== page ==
Goliath Hybrid
Short variety, early to mature, good yield and quality, large heads.
Premium Crop Hybrid
All-American winner, medium rate of maturity, good yield and quality,
large, tight head.
Green Comet Hybrid
All-American winner, medium rate of maturity, good yield and quality,
large, tight head.
Packman Hybrid
Early maturing, high yield, medium heads.
Spacing and Depth of Planting
Common Problems
Plant seeds 1/4 to 1/2 inch deep, or set the
transplants slightly deeper than they were originally
grown. Plant or thin seedlings 12 to 15 inches apart
in the row; allow 36 inches between each row.
Broccoli plants grow upright, often reaching a height
of 2 1/2 feet.
Broccoli is frequently infested with aphids,
cabbage worms and various diseases.
Use 8 ounces per plant of a starter fertilizer (a
solution of 1 tablespoon of 20-20-20 soluble fertilizer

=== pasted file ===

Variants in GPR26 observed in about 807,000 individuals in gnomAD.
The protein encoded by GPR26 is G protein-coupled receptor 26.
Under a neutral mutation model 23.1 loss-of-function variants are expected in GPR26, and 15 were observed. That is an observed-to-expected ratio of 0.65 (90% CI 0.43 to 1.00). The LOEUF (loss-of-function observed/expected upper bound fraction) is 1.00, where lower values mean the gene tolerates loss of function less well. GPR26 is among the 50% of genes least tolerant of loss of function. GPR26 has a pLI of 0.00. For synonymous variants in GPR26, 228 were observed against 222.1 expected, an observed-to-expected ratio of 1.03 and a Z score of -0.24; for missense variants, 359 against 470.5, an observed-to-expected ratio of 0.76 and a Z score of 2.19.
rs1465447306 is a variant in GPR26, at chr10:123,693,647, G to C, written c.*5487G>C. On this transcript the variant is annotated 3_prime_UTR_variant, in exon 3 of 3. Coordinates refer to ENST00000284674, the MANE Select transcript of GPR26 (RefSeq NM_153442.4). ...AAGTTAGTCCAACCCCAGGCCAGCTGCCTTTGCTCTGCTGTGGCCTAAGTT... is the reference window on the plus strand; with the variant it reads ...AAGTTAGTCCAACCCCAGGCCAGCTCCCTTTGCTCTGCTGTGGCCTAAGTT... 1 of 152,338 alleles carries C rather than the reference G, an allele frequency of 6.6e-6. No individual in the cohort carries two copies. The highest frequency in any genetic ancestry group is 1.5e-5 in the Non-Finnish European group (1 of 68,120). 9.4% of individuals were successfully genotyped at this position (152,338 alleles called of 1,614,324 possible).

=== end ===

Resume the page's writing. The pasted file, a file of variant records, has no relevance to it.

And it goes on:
in a gallon of water) when transplanting. Side-dress
with a nitrogen fertilizer when the plants are halfgrown. Provide ample soil moisture as the heads
develop, especially during dry periods.
The compact clusters of unopened flower buds
and their attached sections of stems are the edible
portions of broccoli. Its green buds develop in one
large central head surrounded by several smaller side
shoots. Cut the central head with 5 or 6 inches of
stem after the head is well developed but before it
begins to loosen, separate or the flowers start to open.
Removing the central head stimulates the side shoots,
which grow from the axis of the lower leaves, to
develop for later harvesting. Continue to harvest
broccoli for several weeks.
diseases – clubroot, yellows or fusarium wilt,
blackleg and blackrot, downy mildew
insects – cabbage root fly maggots, cutworms,
cabbage worms, cabbage looper worms, flea beetles,
aphids, diamondback moth worms
cultural – poor heading (buttoning), early flowers
(interrupted growth due to chilling, extremely early
planting or drying out; high temperatures),